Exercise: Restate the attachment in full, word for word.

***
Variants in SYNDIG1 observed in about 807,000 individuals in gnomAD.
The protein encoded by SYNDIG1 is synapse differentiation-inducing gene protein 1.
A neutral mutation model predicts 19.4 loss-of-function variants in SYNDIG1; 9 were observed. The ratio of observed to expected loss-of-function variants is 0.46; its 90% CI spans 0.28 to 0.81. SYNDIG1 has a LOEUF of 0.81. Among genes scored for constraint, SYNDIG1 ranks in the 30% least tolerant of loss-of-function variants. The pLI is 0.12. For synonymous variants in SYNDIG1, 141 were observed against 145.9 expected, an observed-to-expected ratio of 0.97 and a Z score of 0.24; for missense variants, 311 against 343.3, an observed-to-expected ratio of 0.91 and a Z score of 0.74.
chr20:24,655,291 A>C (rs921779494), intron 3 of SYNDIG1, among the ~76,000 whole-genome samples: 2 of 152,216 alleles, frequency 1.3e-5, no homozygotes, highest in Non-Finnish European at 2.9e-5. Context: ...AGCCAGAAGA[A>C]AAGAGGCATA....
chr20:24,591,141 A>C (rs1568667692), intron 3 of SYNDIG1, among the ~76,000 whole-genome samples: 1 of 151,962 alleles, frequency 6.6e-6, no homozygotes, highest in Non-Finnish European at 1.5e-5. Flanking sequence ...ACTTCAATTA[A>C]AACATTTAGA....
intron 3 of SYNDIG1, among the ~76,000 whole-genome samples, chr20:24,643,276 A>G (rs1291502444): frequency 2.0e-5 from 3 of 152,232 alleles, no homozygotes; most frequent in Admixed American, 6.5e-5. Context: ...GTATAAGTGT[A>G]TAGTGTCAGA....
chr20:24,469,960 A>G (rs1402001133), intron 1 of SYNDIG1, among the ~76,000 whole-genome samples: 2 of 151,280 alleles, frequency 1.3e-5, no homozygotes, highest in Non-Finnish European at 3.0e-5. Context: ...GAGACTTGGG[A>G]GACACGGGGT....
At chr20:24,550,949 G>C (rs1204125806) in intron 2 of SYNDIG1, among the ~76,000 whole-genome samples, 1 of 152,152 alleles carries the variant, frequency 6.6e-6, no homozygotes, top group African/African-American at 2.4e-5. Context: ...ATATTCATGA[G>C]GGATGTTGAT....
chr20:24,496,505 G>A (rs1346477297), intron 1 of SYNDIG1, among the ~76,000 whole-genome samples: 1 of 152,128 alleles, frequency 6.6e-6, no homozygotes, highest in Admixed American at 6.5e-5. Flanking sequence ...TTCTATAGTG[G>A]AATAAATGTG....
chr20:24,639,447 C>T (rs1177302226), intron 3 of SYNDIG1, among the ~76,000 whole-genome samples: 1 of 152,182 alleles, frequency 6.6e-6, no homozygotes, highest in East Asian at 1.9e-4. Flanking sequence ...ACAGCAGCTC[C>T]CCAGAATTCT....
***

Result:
Variants in SYNDIG1 observed in about 807,000 individuals in gnomAD.
The protein encoded by SYNDIG1 is synapse differentiation-inducing gene protein 1.
A neutral mutation model predicts 19.4 loss-of-function variants in SYNDIG1; 9 were observed. The ratio of observed to expected loss-of-function variants is 0.46; its 90% CI spans 0.28 to 0.81. SYNDIG1 has a LOEUF of 0.81. Among genes scored for constraint, SYNDIG1 ranks in the 30% least tolerant of loss-of-function variants. The pLI is 0.12. For synonymous variants in SYNDIG1, 141 were observed against 145.9 expected, an observed-to-expected ratio of 0.97 and a Z score of 0.24; for missense variants, 311 against 343.3, an observed-to-expected ratio of 0.91 and a Z score of 0.74.
chr20:24,655,291 A>C (rs921779494), intron 3 of SYNDIG1, among the ~76,000 whole-genome samples: 2 of 152,216 alleles, frequency 1.3e-5, no homozygotes, highest in Non-Finnish European at 2.9e-5. Context: ...AGCCAGAAGA[A>C]AAGAGGCATA....
chr20:24,591,141 A>C (rs1568667692), intron 3 of SYNDIG1, among the ~76,000 whole-genome samples: 1 of 151,962 alleles, frequency 6.6e-6, no homozygotes, highest in Non-Finnish European at 1.5e-5. Flanking sequence ...ACTTCAATTA[A>C]AACATTTAGA....
intron 3 of SYNDIG1, among the ~76,000 whole-genome samples, chr20:24,643,276 A>G (rs1291502444): frequency 2.0e-5 from 3 of 152,232 alleles, no homozygotes; most frequent in Admixed American, 6.5e-5. Context: ...GTATAAGTGT[A>G]TAGTGTCAGA....
chr20:24,469,960 A>G (rs1402001133), intron 1 of SYNDIG1, among the ~76,000 whole-genome samples: 2 of 151,280 alleles, frequency 1.3e-5, no homozygotes, highest in Non-Finnish European at 3.0e-5. Context: ...GAGACTTGGG[A>G]GACACGGGGT....
At chr20:24,550,949 G>C (rs1204125806) in intron 2 of SYNDIG1, among the ~76,000 whole-genome samples, 1 of 152,152 alleles carries the variant, frequency 6.6e-6, no homozygotes, top group African/African-American at 2.4e-5. Context: ...ATATTCATGA[G>C]GGATGTTGAT....
chr20:24,496,505 G>A (rs1346477297), intron 1 of SYNDIG1, among the ~76,000 whole-genome samples: 1 of 152,128 alleles, frequency 6.6e-6, no homozygotes, highest in Admixed American at 6.5e-5. Flanking sequence ...TTCTATAGTG[G>A]AATAAATGTG....
chr20:24,639,447 C>T (rs1177302226), intron 3 of SYNDIG1, among the ~76,000 whole-genome samples: 1 of 152,182 alleles, frequency 6.6e-6, no homozygotes, highest in East Asian at 1.9e-4. Flanking sequence ...ACAGCAGCTC[C>T]CCAGAATTCT....